As a student mostly interested in science and math, I have always thought of writing as something I simply was not good at. This WR 150 class, “Representing Illness,” altered my view of what it truly means to be a writer. In the beginning, I was terrified of coming up with my own topic, carrying out my own research, and ultimately, attempting to write on an issue that I did not only believe to be important, but also relevant. I originally went down a few different paths, getting a bit lost in the large realm of mental illness, a topic I knew to be extremely interesting. After meeting with our class librarian, Ken Liss, I began to discover my interest in uncovering the misrepresentation of mental illness in our society. I slowly immersed myself in the current news stories of the Parkland shooting, and in formulating my research topic, I learned that I am much more passionate about writing than I had thought. I have begun to understand that writing is not as hard as I imagined it to be, and that even if you are not sure what or where you are going with something, in simply starting it, you are already on the path to success, no matter the road you take to getting there.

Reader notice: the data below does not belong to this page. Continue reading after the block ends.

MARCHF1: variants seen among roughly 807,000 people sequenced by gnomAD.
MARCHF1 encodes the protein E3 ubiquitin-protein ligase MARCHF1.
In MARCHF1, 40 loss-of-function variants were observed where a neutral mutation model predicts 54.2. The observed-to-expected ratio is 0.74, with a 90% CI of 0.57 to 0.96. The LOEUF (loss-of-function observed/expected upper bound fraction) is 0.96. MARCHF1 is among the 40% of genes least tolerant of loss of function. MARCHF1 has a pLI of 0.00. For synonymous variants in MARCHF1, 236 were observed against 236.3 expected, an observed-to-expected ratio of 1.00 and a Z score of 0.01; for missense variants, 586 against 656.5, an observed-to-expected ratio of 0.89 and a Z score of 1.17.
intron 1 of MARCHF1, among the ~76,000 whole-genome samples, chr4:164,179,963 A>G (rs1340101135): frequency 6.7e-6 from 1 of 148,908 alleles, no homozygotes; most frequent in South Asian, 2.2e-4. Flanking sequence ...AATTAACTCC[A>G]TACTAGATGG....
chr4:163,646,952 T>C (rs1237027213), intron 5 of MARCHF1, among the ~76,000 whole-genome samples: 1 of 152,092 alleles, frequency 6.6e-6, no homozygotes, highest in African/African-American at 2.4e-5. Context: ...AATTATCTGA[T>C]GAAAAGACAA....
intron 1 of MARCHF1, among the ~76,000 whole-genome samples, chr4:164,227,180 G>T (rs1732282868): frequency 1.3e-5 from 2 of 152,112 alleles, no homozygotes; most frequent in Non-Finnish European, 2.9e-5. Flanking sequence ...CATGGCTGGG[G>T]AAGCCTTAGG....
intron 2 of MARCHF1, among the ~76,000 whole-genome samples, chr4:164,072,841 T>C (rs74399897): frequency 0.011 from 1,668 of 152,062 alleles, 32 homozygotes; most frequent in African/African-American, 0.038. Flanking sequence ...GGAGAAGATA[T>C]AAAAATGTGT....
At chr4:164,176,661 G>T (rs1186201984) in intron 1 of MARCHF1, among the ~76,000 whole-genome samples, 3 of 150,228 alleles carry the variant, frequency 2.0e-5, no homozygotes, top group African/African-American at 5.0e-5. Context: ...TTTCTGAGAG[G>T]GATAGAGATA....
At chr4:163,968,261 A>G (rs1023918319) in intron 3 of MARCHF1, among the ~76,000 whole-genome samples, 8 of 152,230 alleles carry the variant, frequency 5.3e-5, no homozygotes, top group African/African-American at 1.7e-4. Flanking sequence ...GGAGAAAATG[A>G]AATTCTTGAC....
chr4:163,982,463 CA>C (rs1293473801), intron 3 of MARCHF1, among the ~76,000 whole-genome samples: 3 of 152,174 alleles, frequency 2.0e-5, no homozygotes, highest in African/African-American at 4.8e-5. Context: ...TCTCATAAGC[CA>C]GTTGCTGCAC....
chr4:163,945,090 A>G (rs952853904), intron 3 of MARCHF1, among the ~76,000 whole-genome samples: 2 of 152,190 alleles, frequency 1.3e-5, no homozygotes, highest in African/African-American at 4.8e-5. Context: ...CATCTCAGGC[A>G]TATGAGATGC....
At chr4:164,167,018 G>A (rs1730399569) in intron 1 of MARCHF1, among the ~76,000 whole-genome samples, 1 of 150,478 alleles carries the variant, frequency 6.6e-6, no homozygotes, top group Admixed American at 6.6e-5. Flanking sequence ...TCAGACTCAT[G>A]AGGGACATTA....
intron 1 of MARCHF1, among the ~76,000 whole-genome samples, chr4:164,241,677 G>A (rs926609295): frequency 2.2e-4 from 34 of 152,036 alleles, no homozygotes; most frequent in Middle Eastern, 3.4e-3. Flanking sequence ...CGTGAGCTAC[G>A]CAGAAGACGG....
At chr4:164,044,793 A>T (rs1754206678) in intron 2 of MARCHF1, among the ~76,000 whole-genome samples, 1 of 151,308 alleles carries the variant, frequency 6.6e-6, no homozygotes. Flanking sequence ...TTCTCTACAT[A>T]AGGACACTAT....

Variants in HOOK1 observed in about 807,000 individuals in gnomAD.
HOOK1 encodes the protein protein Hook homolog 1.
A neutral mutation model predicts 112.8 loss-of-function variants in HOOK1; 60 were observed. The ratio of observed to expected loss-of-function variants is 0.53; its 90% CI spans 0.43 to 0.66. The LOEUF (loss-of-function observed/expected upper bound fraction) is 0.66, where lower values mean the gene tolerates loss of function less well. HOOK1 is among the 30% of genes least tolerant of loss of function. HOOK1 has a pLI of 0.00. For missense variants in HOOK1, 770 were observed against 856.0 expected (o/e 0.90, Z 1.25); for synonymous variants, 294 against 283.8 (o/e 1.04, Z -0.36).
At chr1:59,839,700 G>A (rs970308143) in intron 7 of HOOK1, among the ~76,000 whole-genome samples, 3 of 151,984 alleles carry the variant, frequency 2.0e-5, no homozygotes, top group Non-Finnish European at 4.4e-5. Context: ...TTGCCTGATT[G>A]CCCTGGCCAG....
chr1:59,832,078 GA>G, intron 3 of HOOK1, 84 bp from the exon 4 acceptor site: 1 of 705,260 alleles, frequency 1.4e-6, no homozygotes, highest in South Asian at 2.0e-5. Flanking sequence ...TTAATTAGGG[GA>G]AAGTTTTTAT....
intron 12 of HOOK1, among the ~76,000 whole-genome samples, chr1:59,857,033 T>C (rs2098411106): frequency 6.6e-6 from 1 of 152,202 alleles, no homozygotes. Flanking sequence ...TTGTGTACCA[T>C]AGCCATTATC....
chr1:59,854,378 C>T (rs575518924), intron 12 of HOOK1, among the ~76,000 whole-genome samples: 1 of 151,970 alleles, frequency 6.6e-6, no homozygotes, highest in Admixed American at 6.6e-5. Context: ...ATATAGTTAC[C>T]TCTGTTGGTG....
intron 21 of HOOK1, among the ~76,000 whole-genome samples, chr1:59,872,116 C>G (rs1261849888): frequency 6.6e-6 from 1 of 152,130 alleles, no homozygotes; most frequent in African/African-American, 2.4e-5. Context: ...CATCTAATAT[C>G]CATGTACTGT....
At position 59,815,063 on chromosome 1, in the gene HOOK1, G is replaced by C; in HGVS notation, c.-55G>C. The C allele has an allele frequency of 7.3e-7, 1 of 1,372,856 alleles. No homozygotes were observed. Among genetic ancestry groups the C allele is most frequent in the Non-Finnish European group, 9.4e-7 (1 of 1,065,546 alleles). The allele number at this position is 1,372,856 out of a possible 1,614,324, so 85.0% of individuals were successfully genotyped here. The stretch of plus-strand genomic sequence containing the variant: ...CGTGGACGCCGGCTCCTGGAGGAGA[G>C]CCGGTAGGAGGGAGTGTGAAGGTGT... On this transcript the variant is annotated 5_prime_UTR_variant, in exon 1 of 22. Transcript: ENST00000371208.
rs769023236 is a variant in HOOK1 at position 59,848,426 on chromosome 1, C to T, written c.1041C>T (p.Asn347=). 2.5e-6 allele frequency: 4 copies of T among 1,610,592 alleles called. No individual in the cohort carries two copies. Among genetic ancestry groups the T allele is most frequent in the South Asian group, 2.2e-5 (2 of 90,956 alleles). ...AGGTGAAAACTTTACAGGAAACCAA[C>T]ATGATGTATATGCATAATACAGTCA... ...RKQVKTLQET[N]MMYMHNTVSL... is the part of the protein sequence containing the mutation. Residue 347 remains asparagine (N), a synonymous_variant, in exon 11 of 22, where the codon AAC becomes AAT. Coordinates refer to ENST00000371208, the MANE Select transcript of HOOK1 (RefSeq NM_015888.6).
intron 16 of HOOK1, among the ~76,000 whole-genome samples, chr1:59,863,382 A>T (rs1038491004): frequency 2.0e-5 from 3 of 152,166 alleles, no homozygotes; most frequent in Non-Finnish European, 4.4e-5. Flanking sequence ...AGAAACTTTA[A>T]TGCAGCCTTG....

MIRANDA MELICI is a rising sophomore from Basking Ridge, New Jersey studying Health Science in the College of Health and Rehabilitation Sciences at Boston University. As a student hoping to pursue a career in medicine, Miranda has always been interested in culture surrounding diseases and illnesses. She would like to thank Professor Madsen Hardy, Ken Liss, and her peers for their endless and wonderful guidance, support, criticisms, and kind words throughout WR 150.